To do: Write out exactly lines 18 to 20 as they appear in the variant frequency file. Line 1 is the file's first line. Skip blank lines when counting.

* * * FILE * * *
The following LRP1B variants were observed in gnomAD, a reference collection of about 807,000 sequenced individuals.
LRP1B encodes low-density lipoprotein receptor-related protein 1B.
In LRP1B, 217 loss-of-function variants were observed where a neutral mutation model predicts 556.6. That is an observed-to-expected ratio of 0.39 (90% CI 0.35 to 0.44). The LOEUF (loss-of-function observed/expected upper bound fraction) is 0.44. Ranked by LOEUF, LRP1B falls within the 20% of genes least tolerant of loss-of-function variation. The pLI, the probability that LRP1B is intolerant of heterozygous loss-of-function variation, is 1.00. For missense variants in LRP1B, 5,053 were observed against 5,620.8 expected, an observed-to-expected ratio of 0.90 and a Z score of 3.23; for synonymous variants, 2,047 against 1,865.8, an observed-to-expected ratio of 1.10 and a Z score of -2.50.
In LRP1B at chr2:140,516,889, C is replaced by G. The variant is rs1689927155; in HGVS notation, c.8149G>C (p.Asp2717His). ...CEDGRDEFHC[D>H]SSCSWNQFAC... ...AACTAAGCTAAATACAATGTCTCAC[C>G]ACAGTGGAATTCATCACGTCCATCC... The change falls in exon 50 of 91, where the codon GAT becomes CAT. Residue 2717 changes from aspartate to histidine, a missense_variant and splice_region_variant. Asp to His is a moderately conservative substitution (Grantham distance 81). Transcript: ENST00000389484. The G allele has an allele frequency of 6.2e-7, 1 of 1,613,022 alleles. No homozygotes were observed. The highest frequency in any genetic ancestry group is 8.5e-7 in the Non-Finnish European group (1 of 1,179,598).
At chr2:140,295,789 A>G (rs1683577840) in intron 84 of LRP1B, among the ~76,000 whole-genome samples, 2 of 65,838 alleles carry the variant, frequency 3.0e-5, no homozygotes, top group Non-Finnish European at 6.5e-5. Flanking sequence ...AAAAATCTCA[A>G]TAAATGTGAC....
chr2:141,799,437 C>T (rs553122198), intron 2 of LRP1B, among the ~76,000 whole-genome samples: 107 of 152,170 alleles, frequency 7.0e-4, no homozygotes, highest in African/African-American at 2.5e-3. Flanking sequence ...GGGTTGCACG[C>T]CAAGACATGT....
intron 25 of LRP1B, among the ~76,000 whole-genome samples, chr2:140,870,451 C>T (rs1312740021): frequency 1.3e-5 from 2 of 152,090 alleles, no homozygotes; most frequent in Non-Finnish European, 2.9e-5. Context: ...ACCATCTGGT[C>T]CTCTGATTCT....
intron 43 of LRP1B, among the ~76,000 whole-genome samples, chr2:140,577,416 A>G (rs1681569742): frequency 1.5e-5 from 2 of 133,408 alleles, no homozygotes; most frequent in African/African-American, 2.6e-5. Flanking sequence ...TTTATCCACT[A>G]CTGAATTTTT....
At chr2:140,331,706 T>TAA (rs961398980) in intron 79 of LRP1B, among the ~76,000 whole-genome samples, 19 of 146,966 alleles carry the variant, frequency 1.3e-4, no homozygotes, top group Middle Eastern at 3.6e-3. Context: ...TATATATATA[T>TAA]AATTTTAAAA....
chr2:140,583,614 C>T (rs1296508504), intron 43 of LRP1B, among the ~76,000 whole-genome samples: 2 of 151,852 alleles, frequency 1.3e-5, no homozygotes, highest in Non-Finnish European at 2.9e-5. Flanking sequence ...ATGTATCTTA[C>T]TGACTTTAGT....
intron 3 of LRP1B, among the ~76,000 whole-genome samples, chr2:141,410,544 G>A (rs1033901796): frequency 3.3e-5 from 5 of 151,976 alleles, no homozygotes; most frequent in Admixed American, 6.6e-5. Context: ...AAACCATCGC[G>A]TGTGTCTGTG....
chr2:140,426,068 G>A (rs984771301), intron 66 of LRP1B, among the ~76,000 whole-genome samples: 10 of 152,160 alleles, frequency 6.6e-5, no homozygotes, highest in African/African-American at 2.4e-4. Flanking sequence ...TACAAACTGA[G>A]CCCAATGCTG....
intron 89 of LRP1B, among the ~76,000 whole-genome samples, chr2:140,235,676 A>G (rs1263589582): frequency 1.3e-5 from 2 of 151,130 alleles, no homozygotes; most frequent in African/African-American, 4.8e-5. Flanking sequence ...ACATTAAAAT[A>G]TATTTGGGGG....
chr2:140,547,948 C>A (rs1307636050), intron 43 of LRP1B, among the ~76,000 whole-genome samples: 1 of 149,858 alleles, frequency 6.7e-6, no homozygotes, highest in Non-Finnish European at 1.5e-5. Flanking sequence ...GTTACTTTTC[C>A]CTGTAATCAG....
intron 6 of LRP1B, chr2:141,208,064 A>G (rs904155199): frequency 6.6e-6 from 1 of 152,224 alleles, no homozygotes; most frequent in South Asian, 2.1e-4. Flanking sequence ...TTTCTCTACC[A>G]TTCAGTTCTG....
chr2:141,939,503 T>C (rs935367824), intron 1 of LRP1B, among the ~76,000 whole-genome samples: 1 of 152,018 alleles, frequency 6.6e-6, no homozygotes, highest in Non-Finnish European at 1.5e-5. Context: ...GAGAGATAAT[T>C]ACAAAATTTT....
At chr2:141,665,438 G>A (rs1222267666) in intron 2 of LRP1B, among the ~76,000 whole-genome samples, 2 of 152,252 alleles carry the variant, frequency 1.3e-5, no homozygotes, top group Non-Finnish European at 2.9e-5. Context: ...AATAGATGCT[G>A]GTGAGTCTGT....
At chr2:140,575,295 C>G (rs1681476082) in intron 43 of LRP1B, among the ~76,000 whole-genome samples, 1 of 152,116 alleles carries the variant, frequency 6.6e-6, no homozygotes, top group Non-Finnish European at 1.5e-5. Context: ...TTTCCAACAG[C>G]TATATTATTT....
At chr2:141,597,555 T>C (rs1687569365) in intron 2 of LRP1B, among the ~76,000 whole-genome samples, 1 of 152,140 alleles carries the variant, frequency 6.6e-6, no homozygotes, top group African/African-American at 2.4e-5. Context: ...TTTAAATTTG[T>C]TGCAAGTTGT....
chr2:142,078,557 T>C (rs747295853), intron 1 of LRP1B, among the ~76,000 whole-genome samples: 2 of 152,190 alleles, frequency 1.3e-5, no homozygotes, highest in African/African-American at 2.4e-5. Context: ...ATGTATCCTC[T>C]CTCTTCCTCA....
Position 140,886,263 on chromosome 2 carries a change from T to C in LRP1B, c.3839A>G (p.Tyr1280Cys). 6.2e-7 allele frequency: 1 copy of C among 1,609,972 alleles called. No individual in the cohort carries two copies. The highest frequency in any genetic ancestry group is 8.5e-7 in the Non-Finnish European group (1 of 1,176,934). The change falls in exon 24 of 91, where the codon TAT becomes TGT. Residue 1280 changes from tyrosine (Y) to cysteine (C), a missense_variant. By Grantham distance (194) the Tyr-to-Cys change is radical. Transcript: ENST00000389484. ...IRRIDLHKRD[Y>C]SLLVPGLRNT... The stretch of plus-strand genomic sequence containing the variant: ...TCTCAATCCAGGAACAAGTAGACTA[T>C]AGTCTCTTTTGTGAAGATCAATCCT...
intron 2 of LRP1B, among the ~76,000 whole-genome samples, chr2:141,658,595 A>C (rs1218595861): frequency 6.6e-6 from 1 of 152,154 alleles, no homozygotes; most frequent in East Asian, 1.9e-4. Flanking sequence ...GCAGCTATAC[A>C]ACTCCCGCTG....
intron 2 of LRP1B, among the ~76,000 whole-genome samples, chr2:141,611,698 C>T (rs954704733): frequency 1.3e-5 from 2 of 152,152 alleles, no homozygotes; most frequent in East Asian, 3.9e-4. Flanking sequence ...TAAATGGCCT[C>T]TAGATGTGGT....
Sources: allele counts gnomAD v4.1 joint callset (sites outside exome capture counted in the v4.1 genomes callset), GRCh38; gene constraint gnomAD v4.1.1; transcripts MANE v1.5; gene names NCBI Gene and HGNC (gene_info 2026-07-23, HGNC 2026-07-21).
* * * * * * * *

At chr2:140,575,295 C>G (rs1681476082) in intron 43 of LRP1B, among the ~76,000 whole-genome samples, 1 of 152,116 alleles carries the variant, frequency 6.6e-6, no homozygotes, top group Non-Finnish European at 1.5e-5. Context: ...TTTCCAACAG[C>G]TATATTATTT....
At chr2:141,597,555 T>C (rs1687569365) in intron 2 of LRP1B, among the ~76,000 whole-genome samples, 1 of 152,140 alleles carries the variant, frequency 6.6e-6, no homozygotes, top group African/African-American at 2.4e-5. Context: ...TTTAAATTTG[T>C]TGCAAGTTGT....
chr2:142,078,557 T>C (rs747295853), intron 1 of LRP1B, among the ~76,000 whole-genome samples: 2 of 152,190 alleles, frequency 1.3e-5, no homozygotes, highest in African/African-American at 2.4e-5. Context: ...ATGTATCCTC[T>C]CTCTTCCTCA....